Computing how to be the greenest government

22nd September 2011


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  • Central government ,
  • Public sector ,
  • Supply chain ,
  • Procurement ,
  • Corporate governance

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IEMA

Sarah-Jayne Russell discusses the work in Whitehall to take advantage of the energy efficiencies offered by new IT technology.

Civil servants and large IT projects are not, it would seem, naturally efficient bedfellows.

All too often the government has been lambasted for IT projects that aim to improve public services, but have instead soaked up millions of pounds and failed to deliver what was needed.

For proof you need to look no further than the nine-year £11 billion project to integrate electronic care records across the NHS which today has been broadly labelled as a failure, as the health secretary announced the board running the project will be scrapped.

Furthermore, Sir Philip Green’s review of Whitehall spending last year found inconsistencies during procurement processes had resulted in different departments and agencies paying £1,600 more for the same laptop from the same supplier.

It is no wonder then, that the coalition government has been working hard to overhaul its IT strategy and, as a part of that process, make sure it is making the most of technological advancements to cut emissions and improve energy efficiency.

In March, the Cabinet Office published its overall plans for reducing waste IT in procurement and tackling project failure rates and next month it will release its strategy for ensuring the IT use is as sustainable as possible, supporting the goal to cut the government’s carbon emissions by 25% by 2020.

This green ICT strategy includes the adoption of virtualisation and cloud computing – the Cabinet Office has already embraced the cloud – as well as cutting waste through better management of equipment, saving resources through improved printing behaviours and a more coherent approach to procurement.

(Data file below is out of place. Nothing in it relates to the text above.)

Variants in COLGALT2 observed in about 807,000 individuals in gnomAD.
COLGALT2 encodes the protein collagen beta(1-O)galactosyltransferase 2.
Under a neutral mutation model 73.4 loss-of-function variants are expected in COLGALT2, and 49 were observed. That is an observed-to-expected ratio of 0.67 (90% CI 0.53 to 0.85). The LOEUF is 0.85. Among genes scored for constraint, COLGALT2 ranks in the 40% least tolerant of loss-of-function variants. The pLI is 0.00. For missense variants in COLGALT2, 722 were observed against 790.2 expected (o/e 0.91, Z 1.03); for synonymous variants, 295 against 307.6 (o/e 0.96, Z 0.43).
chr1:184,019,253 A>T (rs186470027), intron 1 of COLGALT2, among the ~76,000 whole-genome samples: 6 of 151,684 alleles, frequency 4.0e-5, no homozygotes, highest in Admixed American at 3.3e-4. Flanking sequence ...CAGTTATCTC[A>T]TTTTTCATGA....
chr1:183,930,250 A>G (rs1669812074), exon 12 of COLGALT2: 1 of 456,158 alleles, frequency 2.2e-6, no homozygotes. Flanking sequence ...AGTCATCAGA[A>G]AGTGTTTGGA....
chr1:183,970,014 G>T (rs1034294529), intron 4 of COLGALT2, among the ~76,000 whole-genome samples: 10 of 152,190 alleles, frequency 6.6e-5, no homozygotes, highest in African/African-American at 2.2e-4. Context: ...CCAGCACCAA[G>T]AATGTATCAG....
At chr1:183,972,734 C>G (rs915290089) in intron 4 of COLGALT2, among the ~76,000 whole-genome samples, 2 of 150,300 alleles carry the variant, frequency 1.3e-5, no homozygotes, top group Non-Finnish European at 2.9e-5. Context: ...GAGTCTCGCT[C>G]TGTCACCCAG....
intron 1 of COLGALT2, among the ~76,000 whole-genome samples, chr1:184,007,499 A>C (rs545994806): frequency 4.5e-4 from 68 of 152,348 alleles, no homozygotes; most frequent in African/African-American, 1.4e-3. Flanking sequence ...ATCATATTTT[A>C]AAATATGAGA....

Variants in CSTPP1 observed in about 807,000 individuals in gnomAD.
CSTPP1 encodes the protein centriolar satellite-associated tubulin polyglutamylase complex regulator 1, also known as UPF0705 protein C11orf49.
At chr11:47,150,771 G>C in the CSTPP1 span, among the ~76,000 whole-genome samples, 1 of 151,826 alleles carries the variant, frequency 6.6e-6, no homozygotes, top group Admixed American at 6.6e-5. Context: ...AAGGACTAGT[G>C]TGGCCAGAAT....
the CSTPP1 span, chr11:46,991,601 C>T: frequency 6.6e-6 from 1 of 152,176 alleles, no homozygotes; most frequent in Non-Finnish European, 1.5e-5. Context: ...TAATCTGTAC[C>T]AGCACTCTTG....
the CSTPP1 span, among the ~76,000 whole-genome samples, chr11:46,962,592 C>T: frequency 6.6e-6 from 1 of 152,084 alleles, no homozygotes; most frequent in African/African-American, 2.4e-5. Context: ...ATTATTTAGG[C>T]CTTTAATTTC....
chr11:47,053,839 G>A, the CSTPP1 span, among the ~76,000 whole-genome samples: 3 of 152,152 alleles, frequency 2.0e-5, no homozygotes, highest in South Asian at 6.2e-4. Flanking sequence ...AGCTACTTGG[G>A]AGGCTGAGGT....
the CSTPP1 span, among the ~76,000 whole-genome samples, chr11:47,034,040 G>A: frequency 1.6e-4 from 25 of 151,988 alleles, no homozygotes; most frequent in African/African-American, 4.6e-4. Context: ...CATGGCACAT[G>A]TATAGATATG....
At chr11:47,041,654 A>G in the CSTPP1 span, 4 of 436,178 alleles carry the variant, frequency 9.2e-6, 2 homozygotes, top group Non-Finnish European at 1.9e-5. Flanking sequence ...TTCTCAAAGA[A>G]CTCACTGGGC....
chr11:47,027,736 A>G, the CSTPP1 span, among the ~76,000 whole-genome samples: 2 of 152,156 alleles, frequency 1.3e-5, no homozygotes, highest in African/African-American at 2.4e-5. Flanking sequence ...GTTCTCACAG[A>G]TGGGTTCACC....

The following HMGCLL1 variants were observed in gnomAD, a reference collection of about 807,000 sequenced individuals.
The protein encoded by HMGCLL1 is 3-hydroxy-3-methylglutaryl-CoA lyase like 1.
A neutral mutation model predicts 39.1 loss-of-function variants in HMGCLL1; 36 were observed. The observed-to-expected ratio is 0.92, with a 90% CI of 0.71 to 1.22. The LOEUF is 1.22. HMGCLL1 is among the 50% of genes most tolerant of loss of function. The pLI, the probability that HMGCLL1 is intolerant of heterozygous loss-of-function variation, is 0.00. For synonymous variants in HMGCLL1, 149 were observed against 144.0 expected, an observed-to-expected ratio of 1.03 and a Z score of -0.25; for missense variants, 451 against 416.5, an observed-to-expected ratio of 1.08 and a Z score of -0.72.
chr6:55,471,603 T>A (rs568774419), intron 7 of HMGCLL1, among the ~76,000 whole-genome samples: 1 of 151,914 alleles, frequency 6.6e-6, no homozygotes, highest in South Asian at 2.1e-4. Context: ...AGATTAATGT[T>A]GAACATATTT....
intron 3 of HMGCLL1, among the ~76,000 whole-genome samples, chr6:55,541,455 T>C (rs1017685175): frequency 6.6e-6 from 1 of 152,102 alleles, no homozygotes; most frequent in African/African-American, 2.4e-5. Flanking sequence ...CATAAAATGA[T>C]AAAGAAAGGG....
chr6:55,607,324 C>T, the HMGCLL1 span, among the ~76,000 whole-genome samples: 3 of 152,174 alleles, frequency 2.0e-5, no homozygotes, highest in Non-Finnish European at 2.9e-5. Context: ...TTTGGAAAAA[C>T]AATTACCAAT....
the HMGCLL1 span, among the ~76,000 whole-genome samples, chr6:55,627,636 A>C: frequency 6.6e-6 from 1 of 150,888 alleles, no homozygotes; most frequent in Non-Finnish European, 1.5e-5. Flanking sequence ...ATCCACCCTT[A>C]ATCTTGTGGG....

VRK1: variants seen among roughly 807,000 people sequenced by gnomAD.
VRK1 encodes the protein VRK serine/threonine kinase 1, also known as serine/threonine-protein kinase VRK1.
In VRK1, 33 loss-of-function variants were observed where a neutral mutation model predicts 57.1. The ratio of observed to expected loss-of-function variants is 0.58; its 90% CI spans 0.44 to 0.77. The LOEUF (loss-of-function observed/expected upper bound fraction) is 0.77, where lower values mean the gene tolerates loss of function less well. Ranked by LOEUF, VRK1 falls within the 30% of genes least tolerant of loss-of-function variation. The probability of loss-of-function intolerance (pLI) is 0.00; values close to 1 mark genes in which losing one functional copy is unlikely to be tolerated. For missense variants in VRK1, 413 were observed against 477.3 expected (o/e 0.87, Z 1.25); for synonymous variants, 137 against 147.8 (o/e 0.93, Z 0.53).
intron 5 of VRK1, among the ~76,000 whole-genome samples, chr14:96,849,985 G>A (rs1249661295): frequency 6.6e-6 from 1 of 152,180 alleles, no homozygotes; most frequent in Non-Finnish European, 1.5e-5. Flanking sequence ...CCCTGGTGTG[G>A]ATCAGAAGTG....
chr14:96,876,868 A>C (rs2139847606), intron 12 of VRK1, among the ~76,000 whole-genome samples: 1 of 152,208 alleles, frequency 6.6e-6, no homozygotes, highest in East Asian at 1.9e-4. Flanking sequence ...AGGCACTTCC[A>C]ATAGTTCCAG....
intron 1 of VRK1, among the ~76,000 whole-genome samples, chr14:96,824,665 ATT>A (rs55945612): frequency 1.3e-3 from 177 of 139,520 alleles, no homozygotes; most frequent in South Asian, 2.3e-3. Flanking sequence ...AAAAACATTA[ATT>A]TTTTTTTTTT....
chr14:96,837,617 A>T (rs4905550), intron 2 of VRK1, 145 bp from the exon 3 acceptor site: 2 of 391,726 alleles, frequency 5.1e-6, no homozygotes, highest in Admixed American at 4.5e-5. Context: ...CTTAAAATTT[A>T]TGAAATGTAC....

Now instead of departments commissioning and designing individual IT systems, Whitehall is working to create a common IT infrastructure providing solutions that can be adapted to work across its different functions. This will ensuring a better use of resources, particularly when suppliers such as HP are pledging to push their public sector clients to make sure their requirements are in line with the government’s overall strategy.

An early success story of such a public-private sector IT project has been the Environment Agency’s (EA) decision to outsource management of its IT resources to CapGemini.

According to Simon Redding, sustainable IT lead at the EA, since signing the contract two years ago it has seen a 50% reduction in carbon emissions from its IT and an 80% cut in the amount of energy used in its offices. Better still is the news that this hasn’t been achieved by throwing cash at the problem, but has actually resulted in the agency spending 20% less on their IT.

How does that work I hear you ask. Well, Redding says that embedding the agency’s carbon emission and waste prevention targets within service level agreements ensures those targets are taken as seriously as financial considerations.

Secondly the agency and CapGemini have a joint governance board with senior management representatives from both organisations that is dedicated solely to driving forward the sustainability elements of the contract.

Furthermore, the agency has retained in-house IT staff who assess all of the CapGemini’s suggestions for improvements and rejects those which they don’t feel go far enough.

So far the project has seen the upgrade of outdated equipment to the most sustainable alternatives, with the replacement of one data centre, for example, cutting overheads from 75% to just 8%. 7,000 PCs have also been removed from the agency’s offices, replacing them with more the most efficient alternatives, after carefully assessing whether the equipment could be reused, refitted or recycled.

Cutting emissions has not been limited to energy use and equipment, with CapGemini committing itself to reducing carbon from travel related to the project, from day-to-day maintenance, shipping of equipment to project management. This has mean CapGemini working hard to engage and incentivise its staff and as a result 75% of travel for servicing is made by rail.

This positive partnership approach is now being pushed down the supply chain with the IT company working with the contract’s 100 suppliers to ensure they are mitigating their environmental and ethical impacts in line with the Environment Agency’s principles.

The Environment Agency and CapGemini contract is inspiring stuff and proof, for me at least, that some civil servants are working not to just catch up with the private sector, but are pushing boundaries on how to make the most sustainable IT practice.


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